This is the measurement that I am the least confident about.  I don't know exactly how PowerApps executes formulas, and if it uses any asynchronous operations.  Based on my tests so far, the numbers produced by this method seem pretty reasonable and consistent.  Even if the numbers are not absolutely correct, it seems like they are generally representative of the time required to complete the process, and when compared to the elapsed times returned by the Azure Function and Flow, seem to offer a reference for how long the PowerApp operation is taking.


To measure the run time of the Flow, I used three variables.

As soon as the Flow starts, I store utcNow() in a variable called flowStartTime.

At the end of the Flow, I initialize two more variables.

flowEndTime also stores utcNow().

flowElapsedTime has a formulate to calculate the difference between the start and end times.

div(sub(ticks(variables('flowEndTime')), ticks(variables('flowStartTime'))), 10000)

This converts the two times into ticks units, subtracts the start time from the end time, then divides by 10,000 to convert the ticks into milliseconds.

The Flow then returns that value back to PowerApps as a variable called flowElapsedTime.

Azure Function

The last measurement comes from my Azure Function that actually builds the passphrase.  I always like to include elapsed time in my APIs, as it allows me to monitor the API performance and helps identify the source of performance problems.

Since the Azure Function is written in C#, it is able to utilize the .NET Stopwatch object to measure its start and end times.  The Azure Function returns its elapsed time to the Flow as part of the response body.

This is very easy to do in .NET.  Near the top of the Azure Function code, I start a Stopwatch.

And at the end, I stop the Stopwatch, then store the Elapsed time in milliseconds, and save it to my response object.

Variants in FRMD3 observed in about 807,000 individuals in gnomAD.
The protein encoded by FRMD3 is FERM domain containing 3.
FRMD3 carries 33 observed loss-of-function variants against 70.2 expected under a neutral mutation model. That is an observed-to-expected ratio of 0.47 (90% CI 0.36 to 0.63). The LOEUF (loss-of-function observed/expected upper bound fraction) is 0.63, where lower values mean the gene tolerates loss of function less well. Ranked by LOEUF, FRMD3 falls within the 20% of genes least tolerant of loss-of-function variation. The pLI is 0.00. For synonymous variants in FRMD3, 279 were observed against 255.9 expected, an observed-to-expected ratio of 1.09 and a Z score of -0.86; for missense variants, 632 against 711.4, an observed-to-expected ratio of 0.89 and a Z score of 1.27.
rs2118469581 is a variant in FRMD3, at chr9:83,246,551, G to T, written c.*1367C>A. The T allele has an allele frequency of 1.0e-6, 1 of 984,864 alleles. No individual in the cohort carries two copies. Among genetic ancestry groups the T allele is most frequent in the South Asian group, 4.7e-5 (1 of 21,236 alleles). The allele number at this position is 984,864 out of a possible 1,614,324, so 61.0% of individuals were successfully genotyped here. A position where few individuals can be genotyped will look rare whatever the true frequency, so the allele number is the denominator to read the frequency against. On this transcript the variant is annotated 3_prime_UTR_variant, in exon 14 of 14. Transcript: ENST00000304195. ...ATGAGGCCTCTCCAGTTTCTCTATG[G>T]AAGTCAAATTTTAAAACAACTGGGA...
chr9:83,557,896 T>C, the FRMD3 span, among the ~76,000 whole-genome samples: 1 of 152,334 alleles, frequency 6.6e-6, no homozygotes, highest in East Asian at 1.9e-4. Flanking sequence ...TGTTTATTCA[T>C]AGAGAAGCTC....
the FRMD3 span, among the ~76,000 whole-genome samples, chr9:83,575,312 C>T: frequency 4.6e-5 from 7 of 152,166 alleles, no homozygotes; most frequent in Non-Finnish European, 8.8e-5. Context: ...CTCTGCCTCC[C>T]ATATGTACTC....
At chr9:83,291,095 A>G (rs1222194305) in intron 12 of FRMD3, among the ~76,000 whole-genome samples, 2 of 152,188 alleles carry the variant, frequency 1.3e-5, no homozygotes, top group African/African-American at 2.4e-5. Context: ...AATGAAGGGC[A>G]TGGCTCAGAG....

With these elapsed time metrics from Azure Functions, Flow, and PowerApps, I'm now able to get a feel for how long each step takes in the process of generating a passphrase in my application.

Competing with On-Premises Windows Applications

While a 2 second delay may be tolerable for a simple Passphrase Generator app in PowerApps, I consider it a rather long delay.  This test has made me wonder about the viability of using a PowerApp for any application that is even remotely sensitive to delay or latency.

For comparison, this is an add-on window for Microsoft Dynamics GP that I developed in .NET and WinForms.  Notice the elapsed times displayed in the bottom right corner.

This window can retrieve 200 records from a local SQL Server in 43 milliseconds, and display them in a grid in a total of 334 milliseconds.

Think about that:  200 records delivered to the user in 334 milliseconds.

Yes, it is a completely different architecture than a PowerApp solution, but I think it's something to keep in mind.  While I might love to create a neat PowerApp for a customer, I need to look at the components that will be required for the solution and consider the end user experience to determine if PowerApps will be fast enough.  And now I can measure the elapsed times and latency in PowerApps to make that assessment.

Steve Endow is a Microsoft MVP in Los Angeles.  He works with Dynamics GP, Dynamics 365 Business Central, SQL Server, .NET, Microsoft Flow, and PowerApps.

You can also find him on Twitter and YouTube